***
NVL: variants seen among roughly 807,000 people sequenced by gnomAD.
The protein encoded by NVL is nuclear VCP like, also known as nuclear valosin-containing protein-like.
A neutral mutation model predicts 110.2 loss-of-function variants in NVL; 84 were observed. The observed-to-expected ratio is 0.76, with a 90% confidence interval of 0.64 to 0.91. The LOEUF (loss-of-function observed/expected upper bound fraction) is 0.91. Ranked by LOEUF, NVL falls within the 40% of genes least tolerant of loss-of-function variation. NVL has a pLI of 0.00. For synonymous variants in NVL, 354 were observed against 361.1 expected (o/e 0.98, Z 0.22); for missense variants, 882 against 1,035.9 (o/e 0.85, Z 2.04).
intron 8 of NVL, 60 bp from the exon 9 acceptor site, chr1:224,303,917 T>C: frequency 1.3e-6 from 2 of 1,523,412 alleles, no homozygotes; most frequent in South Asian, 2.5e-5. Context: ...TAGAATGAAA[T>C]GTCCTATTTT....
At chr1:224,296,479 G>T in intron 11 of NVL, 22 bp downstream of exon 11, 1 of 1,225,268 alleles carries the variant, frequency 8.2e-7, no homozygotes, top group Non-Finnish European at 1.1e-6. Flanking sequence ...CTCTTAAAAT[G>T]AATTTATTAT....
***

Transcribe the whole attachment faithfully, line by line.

NVL: variants seen among roughly 807,000 people sequenced by gnomAD.
The protein encoded by NVL is nuclear VCP like, also known as nuclear valosin-containing protein-like.
A neutral mutation model predicts 110.2 loss-of-function variants in NVL; 84 were observed. The observed-to-expected ratio is 0.76, with a 90% confidence interval of 0.64 to 0.91. The LOEUF (loss-of-function observed/expected upper bound fraction) is 0.91. Ranked by LOEUF, NVL falls within the 40% of genes least tolerant of loss-of-function variation. NVL has a pLI of 0.00. For synonymous variants in NVL, 354 were observed against 361.1 expected (o/e 0.98, Z 0.22); for missense variants, 882 against 1,035.9 (o/e 0.85, Z 2.04).
intron 8 of NVL, 60 bp from the exon 9 acceptor site, chr1:224,303,917 T>C: frequency 1.3e-6 from 2 of 1,523,412 alleles, no homozygotes; most frequent in South Asian, 2.5e-5. Context: ...TAGAATGAAA[T>C]GTCCTATTTT....
At chr1:224,296,479 G>T in intron 11 of NVL, 22 bp downstream of exon 11, 1 of 1,225,268 alleles carries the variant, frequency 8.2e-7, no homozygotes, top group Non-Finnish European at 1.1e-6. Flanking sequence ...CTCTTAAAAT[G>T]AATTTATTAT....